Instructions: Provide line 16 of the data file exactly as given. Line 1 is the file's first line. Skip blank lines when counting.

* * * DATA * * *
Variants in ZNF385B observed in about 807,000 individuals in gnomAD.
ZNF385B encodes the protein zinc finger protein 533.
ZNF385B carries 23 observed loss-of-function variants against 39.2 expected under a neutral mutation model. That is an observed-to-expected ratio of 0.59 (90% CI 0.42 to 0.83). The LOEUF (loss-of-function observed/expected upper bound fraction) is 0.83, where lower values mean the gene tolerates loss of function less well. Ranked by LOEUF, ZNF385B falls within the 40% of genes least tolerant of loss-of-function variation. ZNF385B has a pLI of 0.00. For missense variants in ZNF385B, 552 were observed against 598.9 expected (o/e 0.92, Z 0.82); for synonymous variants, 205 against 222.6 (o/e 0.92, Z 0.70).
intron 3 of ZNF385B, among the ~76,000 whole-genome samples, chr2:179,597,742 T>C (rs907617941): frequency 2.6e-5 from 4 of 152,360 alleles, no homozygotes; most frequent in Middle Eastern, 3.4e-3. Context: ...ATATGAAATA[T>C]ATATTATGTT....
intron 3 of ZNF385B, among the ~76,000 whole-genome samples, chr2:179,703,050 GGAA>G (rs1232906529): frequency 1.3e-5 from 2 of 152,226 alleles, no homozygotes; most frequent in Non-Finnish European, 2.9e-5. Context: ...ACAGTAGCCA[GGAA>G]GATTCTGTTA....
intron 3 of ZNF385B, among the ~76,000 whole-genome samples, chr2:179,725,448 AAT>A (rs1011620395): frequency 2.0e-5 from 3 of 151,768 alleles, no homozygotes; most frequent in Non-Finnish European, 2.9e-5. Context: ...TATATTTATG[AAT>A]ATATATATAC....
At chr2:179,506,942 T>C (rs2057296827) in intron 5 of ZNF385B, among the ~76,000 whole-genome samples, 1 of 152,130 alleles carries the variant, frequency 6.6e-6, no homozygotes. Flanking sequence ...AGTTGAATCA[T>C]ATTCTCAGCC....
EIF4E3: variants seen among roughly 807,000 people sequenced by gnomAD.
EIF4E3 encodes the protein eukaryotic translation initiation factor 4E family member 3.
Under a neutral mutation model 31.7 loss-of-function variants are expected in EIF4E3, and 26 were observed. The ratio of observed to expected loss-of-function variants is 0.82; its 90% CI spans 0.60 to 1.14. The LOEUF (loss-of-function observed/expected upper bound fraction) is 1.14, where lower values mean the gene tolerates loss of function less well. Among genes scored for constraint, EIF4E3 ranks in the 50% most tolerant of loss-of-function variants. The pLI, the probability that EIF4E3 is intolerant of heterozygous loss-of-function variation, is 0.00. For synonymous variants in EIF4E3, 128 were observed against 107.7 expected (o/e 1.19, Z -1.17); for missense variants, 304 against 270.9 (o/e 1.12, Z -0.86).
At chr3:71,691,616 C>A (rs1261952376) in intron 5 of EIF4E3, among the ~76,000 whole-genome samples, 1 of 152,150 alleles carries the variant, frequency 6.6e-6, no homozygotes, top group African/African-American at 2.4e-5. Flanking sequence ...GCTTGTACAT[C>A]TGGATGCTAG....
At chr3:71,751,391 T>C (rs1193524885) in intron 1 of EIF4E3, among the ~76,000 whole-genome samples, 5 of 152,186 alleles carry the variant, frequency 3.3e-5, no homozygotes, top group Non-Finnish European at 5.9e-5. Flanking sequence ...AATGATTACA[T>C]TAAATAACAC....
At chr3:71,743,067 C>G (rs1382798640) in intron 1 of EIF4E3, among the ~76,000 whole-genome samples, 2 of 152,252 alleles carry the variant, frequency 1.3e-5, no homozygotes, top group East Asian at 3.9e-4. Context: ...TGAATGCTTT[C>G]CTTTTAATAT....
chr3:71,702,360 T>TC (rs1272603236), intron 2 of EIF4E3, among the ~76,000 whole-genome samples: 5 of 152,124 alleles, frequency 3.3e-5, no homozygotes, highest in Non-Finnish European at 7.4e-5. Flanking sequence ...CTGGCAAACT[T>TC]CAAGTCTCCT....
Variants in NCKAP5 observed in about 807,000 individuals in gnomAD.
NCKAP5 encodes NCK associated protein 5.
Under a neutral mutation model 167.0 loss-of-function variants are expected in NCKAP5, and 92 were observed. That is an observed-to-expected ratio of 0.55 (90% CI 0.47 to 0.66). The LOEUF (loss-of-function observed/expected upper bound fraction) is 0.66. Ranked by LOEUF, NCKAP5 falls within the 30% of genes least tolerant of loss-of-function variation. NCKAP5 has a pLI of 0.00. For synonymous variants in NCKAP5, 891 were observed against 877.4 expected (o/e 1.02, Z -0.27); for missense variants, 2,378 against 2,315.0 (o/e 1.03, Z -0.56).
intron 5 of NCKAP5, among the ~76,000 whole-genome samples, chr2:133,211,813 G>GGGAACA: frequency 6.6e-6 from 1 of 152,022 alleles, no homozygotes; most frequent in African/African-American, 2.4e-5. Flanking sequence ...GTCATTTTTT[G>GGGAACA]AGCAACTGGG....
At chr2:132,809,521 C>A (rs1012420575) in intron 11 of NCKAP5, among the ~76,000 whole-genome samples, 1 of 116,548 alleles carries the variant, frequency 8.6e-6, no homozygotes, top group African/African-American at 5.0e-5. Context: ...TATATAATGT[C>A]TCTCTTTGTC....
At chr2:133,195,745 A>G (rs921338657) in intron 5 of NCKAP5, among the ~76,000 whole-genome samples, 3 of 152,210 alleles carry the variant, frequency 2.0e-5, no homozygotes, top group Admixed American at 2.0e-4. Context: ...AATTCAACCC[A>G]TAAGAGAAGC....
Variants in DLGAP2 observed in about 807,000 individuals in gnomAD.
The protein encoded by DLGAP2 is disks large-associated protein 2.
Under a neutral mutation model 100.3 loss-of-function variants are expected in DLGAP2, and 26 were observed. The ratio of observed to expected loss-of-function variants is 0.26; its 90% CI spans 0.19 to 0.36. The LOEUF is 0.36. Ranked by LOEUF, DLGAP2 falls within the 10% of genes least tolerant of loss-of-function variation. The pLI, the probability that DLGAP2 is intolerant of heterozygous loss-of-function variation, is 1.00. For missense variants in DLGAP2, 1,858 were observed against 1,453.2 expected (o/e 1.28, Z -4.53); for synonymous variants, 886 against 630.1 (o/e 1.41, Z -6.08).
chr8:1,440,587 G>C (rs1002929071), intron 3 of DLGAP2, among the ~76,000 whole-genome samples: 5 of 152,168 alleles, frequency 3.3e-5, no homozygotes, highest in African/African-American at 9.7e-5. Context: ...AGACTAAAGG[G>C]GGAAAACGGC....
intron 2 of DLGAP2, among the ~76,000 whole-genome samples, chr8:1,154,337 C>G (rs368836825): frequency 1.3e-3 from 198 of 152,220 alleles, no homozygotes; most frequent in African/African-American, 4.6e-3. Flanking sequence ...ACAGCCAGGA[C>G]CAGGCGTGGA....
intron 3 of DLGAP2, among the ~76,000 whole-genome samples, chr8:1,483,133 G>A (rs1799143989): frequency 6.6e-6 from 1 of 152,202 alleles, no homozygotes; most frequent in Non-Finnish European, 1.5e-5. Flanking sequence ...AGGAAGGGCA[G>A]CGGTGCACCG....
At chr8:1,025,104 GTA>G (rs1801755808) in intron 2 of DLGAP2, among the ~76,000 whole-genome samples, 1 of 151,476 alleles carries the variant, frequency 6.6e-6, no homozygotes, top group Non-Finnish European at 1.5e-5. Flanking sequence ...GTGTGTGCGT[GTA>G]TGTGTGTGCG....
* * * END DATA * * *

NCKAP5 encodes NCK associated protein 5.